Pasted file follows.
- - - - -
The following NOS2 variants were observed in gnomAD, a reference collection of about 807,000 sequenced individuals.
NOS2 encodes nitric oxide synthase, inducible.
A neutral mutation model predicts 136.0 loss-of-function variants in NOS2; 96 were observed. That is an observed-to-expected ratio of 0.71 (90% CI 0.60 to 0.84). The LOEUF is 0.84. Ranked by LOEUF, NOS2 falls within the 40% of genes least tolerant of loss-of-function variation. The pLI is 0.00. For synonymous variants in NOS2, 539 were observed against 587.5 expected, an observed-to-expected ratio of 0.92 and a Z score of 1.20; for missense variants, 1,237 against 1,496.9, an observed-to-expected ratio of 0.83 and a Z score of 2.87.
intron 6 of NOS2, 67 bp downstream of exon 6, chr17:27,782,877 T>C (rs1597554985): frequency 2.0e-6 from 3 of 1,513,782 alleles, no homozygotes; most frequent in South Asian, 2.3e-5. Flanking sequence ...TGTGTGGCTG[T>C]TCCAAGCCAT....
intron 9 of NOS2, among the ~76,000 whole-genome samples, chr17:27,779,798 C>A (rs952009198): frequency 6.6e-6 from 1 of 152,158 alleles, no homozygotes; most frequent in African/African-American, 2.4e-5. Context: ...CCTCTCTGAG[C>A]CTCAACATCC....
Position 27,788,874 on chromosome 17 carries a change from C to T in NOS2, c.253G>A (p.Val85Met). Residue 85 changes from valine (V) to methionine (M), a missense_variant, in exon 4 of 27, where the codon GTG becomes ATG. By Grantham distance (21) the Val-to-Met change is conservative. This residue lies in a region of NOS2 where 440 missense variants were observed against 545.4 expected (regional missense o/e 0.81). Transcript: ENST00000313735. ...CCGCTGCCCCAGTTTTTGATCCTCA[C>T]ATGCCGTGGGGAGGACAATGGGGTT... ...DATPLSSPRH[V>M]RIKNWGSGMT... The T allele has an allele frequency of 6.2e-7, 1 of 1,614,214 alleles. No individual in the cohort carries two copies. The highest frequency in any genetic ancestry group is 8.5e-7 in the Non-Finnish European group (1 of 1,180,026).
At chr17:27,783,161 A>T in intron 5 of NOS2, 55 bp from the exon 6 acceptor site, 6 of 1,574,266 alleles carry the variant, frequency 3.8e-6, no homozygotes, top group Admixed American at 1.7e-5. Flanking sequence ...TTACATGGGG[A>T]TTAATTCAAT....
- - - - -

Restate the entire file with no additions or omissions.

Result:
The following NOS2 variants were observed in gnomAD, a reference collection of about 807,000 sequenced individuals.
NOS2 encodes nitric oxide synthase, inducible.
A neutral mutation model predicts 136.0 loss-of-function variants in NOS2; 96 were observed. That is an observed-to-expected ratio of 0.71 (90% CI 0.60 to 0.84). The LOEUF is 0.84. Ranked by LOEUF, NOS2 falls within the 40% of genes least tolerant of loss-of-function variation. The pLI is 0.00. For synonymous variants in NOS2, 539 were observed against 587.5 expected, an observed-to-expected ratio of 0.92 and a Z score of 1.20; for missense variants, 1,237 against 1,496.9, an observed-to-expected ratio of 0.83 and a Z score of 2.87.
intron 6 of NOS2, 67 bp downstream of exon 6, chr17:27,782,877 T>C (rs1597554985): frequency 2.0e-6 from 3 of 1,513,782 alleles, no homozygotes; most frequent in South Asian, 2.3e-5. Flanking sequence ...TGTGTGGCTG[T>C]TCCAAGCCAT....
intron 9 of NOS2, among the ~76,000 whole-genome samples, chr17:27,779,798 C>A (rs952009198): frequency 6.6e-6 from 1 of 152,158 alleles, no homozygotes; most frequent in African/African-American, 2.4e-5. Context: ...CCTCTCTGAG[C>A]CTCAACATCC....
Position 27,788,874 on chromosome 17 carries a change from C to T in NOS2, c.253G>A (p.Val85Met). Residue 85 changes from valine (V) to methionine (M), a missense_variant, in exon 4 of 27, where the codon GTG becomes ATG. By Grantham distance (21) the Val-to-Met change is conservative. This residue lies in a region of NOS2 where 440 missense variants were observed against 545.4 expected (regional missense o/e 0.81). Transcript: ENST00000313735. ...CCGCTGCCCCAGTTTTTGATCCTCA[C>T]ATGCCGTGGGGAGGACAATGGGGTT... ...DATPLSSPRH[V>M]RIKNWGSGMT... The T allele has an allele frequency of 6.2e-7, 1 of 1,614,214 alleles. No individual in the cohort carries two copies. The highest frequency in any genetic ancestry group is 8.5e-7 in the Non-Finnish European group (1 of 1,180,026).
At chr17:27,783,161 A>T in intron 5 of NOS2, 55 bp from the exon 6 acceptor site, 6 of 1,574,266 alleles carry the variant, frequency 3.8e-6, no homozygotes, top group Admixed American at 1.7e-5. Flanking sequence ...TTACATGGGG[A>T]TTAATTCAAT....